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What Vijay Mallya can learn from Warren Buffett

Last updated on: April 12, 2012 15:24 IST

What Vijay Mallya can learn from Warren Buffett

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Vivek Kaul

Kingfisher owner Vijay Mallya can learn a lot from business magnate Warren Buffett, says Vivek Kaul.

It is sad that Warren Buffett has never gotten around to writing a book sharing his thoughts, his investment philosophy and his experiences. But every year he writes a letter to the shareholders of Berkshire Hathaway, a company that he runs, in the month of February.

In a letter he wrote to the shareholders in February 2008 he said: "Now let's move to the gruesome. The worst sort of business is one that grows rapidly, requires significant capital to engender the growth, and then earns little or no money.

"Think airlines. Here a durable competitive advantage has proven elusive ever since the days of the Wright Brothers. Indeed, if a farsighted capitalist had been present at Kitty Hawk, he would have done his successors a huge favor by shooting Orville down."

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Image: Warren Buffett with his wife Astrid Menks.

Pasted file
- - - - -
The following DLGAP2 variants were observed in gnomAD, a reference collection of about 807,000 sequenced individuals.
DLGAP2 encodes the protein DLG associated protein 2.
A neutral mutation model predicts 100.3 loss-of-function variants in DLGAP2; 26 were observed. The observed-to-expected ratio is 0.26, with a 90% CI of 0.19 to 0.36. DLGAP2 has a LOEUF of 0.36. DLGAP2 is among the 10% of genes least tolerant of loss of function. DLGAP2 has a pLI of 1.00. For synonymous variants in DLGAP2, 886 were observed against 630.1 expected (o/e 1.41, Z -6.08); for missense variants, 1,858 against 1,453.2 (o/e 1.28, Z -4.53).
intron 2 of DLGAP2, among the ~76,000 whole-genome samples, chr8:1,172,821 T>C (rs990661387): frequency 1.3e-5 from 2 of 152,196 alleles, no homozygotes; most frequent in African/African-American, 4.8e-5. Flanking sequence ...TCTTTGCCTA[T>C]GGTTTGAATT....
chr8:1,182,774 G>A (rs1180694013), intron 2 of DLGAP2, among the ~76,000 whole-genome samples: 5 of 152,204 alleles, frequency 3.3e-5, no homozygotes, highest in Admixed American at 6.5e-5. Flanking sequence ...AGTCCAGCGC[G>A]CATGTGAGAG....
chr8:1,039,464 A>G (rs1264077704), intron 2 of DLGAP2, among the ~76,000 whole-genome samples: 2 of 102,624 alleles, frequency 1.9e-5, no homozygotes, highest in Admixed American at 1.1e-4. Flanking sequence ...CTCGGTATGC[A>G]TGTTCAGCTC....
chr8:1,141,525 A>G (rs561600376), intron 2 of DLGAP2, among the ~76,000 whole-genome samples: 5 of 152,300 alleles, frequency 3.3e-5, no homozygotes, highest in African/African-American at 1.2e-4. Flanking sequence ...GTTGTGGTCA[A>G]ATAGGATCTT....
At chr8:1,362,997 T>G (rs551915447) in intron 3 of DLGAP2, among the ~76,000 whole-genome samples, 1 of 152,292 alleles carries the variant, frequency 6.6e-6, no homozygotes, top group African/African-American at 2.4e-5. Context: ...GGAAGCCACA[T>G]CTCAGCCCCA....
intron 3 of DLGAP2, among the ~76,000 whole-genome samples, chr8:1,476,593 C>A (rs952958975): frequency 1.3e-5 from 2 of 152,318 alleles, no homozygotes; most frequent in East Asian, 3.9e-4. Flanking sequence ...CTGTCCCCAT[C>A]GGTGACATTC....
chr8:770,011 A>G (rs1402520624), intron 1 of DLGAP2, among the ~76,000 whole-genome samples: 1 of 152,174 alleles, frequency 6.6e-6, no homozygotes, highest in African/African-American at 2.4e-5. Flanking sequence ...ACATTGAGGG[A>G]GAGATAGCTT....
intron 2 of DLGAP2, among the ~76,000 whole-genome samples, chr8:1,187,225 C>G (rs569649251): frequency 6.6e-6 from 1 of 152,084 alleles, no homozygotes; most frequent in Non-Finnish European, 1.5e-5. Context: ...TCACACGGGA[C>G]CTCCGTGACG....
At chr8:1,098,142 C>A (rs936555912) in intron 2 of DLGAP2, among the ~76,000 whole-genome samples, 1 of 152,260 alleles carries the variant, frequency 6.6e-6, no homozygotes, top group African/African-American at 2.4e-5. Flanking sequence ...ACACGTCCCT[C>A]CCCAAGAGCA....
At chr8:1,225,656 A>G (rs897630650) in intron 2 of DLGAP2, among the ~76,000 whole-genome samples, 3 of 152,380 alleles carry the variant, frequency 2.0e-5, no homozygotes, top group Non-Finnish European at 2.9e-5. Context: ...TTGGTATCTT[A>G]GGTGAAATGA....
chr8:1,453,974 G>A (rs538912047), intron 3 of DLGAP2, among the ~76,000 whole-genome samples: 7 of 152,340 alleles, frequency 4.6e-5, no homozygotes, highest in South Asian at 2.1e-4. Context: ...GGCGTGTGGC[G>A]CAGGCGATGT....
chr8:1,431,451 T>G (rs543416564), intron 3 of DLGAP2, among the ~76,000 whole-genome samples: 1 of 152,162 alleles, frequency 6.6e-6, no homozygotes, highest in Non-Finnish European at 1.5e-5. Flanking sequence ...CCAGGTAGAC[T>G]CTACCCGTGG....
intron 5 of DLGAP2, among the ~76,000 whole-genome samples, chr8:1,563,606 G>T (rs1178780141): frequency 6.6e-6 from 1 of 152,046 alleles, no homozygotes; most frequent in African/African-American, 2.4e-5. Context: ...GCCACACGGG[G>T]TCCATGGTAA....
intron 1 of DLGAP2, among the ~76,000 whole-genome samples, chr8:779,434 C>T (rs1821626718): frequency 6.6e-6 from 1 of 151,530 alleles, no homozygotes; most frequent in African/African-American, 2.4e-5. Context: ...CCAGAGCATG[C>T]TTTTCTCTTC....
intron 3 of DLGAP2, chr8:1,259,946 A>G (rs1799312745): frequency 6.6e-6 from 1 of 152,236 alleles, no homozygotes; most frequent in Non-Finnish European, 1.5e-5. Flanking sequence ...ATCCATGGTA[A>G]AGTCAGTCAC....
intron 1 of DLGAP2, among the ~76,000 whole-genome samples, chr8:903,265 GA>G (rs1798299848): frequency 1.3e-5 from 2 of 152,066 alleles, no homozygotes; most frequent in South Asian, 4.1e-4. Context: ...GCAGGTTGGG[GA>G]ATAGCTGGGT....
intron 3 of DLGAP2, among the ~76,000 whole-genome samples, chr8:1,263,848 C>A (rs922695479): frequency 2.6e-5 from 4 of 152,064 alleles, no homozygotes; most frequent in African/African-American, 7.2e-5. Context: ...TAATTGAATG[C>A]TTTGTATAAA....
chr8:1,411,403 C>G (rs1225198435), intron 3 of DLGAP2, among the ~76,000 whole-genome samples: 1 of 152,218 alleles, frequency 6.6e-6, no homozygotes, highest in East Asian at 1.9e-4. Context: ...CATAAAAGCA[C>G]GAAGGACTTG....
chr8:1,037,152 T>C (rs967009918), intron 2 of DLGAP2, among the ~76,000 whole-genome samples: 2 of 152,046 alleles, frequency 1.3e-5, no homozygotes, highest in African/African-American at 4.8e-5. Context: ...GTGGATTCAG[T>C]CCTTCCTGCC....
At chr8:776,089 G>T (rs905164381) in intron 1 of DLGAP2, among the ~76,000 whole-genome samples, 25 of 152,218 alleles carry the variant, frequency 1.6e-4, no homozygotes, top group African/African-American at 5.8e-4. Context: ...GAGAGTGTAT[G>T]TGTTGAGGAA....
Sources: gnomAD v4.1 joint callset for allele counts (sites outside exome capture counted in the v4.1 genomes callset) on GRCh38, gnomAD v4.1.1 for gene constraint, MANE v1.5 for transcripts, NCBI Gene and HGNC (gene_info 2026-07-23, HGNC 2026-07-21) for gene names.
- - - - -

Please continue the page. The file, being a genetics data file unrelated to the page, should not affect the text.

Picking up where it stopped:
Photographs: Benjamin Myers/Reuters

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And there was more to come. "The airline industry's demand for capital ever since that first flight has been insatiable. Investors have poured money into a bottomless pit, attracted by growth when they should have been repelled by it.

"And I, to my shame, participated in this foolishness when I had Berkshire buy US Air preferred stock in 1989. As the ink was drying on our check, the company went into a tailspin, and before long our preferred dividend was no longer being paid.

"But we then got very lucky. In one of the recurrent, but always misguided, bursts of optimism for airlines, we were actually able to sell our shares in 1998 for a hefty gain. In the decade following our sale, the company went bankrupt," Buffett pointed out in the same letter.

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Image: Vijay Mallya.
Photographs: Parivartan Sharma/Reuters

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So here is the world's greatest living investor conceding that he made a mistake by investing in an airline. He further pointed out that airlines as a sector have never made money, and despite that investors have kept pouring money into it, in search of elusive growth.

But such is the glamour of owning an airline that people cannot keep away from it. Ask Vijay Mallya, who started Kingfisher Airlines in 2005. But as Buffett has said airlines never make money, they only suck capital. Kingfisher now has accumulated losses of greater than Rs 6,000 crore (Rs 60 billion), having never made money since its launch.

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Image: Kingfisher now has accumulated losses of greater than Rs 6,000 crore.
Photographs: Vivek Prakash/Reuters